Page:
Javier Rivero Ramos is a doctoral candidate at Princeton University’s Department of Art and Archeology, studying modern and contemporary art with a focus on Latin America. His research interests include international networks for artistic exchange in the latter half of the twentieth century and art under political and social duress. He is currently working on a monograph on Raphael Ortiz Montañez with El Museo del Barrio and a doctoral dissertation on the link between experimental poetry and mail art in South America.
Felicity D. Scott is the director of the PhD program in Architecture (History and Theory), and co-director of the program in Critical, Curatorial and Conceptual Practices in Architecture (CCCP) at Columbia University’s Graduate School of Architecture, Planning and Preservation. Seeking to expand and complicate the subject matter and methodological frameworks through which modern and contemporary art, architecture, and media practices are addressed, her work attends to the institutions, discourses, and media-technical formats (exhibitions, publications, time-based media, etc.) that, along with broader social, economic, scientific, environmental, political, and geopolitical forces, have helped shape and define these disciplines. In addition to publishing numerous articles in journals, magazines, and edited anthologies, she has published Outlaw Territories: Environments of Insecurity/Architectures of Counter- Insurgency (Zone Books, 2016), Disorientation: Bernard Rudofsky in the Empire of Signs (Sternberg Press, 2016), Living Archive 7: Ant Farm (ACTAR, 2008), and Architecture or Techno-Utopia: Politics After Modernism (MIT Press, 2007).
Francesco Pelizzi is an Associate in Meso-American Ethnology and Editor of the multidisciplinary journal RES–Anthropology and Aesthetics at Harvard University’s Peabody Museum of Archaeology and Ethnology. Additionally, he is a Co-Chair of the University Seminar on the Arts of Africa, Oceania, and the Americas at Columbia University.
Edward Shanken writes and teaches about contemporary art and new media. His recent writings include essays about art and software, sound art, ecological art, collaboration and innovation, and bridging the gap between new media and contemporary art. Since 2016, he has been an associate professor at the University of California, Santa Cruz, and has previously held teaching positions at the Rhode Island School of Design, University of Washington, and University of Amsterdam. His publications include: Systems (Whitechapel/MIT Press, 2015), Inventar el Futuro: Arte – Electricidad – Nuevos Medios (Departamento de Ficción, 2013), Art and Electronic Media (Phaidon, 2009), and Telematic Embrace: Visionary Theories of Art, Technology and Consciousness (University of California Press, 2003). He holds an MA and PhD in Art History from Duke University, an MBA from Yale University, and a BA in Studio Art from Haverford College.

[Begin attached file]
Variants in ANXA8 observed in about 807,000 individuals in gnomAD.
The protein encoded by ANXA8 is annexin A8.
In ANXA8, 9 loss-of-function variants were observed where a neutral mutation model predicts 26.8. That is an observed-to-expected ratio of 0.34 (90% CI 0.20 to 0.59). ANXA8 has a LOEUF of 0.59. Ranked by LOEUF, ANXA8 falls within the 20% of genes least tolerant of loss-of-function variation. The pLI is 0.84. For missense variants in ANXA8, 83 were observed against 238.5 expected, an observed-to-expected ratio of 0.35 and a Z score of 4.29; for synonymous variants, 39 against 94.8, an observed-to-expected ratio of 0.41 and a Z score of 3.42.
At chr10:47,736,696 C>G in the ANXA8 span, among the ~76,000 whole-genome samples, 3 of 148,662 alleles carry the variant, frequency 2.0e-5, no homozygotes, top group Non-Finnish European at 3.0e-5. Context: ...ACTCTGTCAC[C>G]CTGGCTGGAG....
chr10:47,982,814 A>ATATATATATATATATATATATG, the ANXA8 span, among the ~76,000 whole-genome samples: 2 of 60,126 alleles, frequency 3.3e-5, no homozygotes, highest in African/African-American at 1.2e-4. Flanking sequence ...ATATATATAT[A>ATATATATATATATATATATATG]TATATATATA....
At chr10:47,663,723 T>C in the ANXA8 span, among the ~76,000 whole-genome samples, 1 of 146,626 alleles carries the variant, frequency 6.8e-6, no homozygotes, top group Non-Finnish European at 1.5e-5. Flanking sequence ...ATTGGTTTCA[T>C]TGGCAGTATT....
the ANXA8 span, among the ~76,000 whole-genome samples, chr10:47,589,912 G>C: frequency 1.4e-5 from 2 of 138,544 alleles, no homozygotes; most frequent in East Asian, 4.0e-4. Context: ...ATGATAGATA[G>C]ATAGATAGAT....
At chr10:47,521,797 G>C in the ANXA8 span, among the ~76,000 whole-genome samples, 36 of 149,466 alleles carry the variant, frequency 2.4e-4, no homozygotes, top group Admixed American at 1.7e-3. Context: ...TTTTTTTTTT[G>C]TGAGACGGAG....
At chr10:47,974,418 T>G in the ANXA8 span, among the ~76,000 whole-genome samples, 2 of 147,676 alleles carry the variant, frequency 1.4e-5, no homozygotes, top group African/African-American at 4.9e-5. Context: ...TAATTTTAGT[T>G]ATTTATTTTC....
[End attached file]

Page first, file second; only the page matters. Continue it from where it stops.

This event is presented as part of Storefront for Art and Architecture’s year-long program of exhibitions and events, Building Cycles. Founding support of Building Cycles is generously provided by Linde-Griffith Construction Company and the Graham Foundation.
Storefront’s programming is made possible through general support from Arup; DS+R; F.J. Sciame Construction Co., Inc.; KPF; ODA; Rockwell Group; the New York State Council on the Arts with the support of Governor Andrew Cuomo and the New York State Legislature; public funds from the New York City Department of Cultural Affairs in partnership with the City Council; and by Storefront’s Board of Directors, members, and individual donors.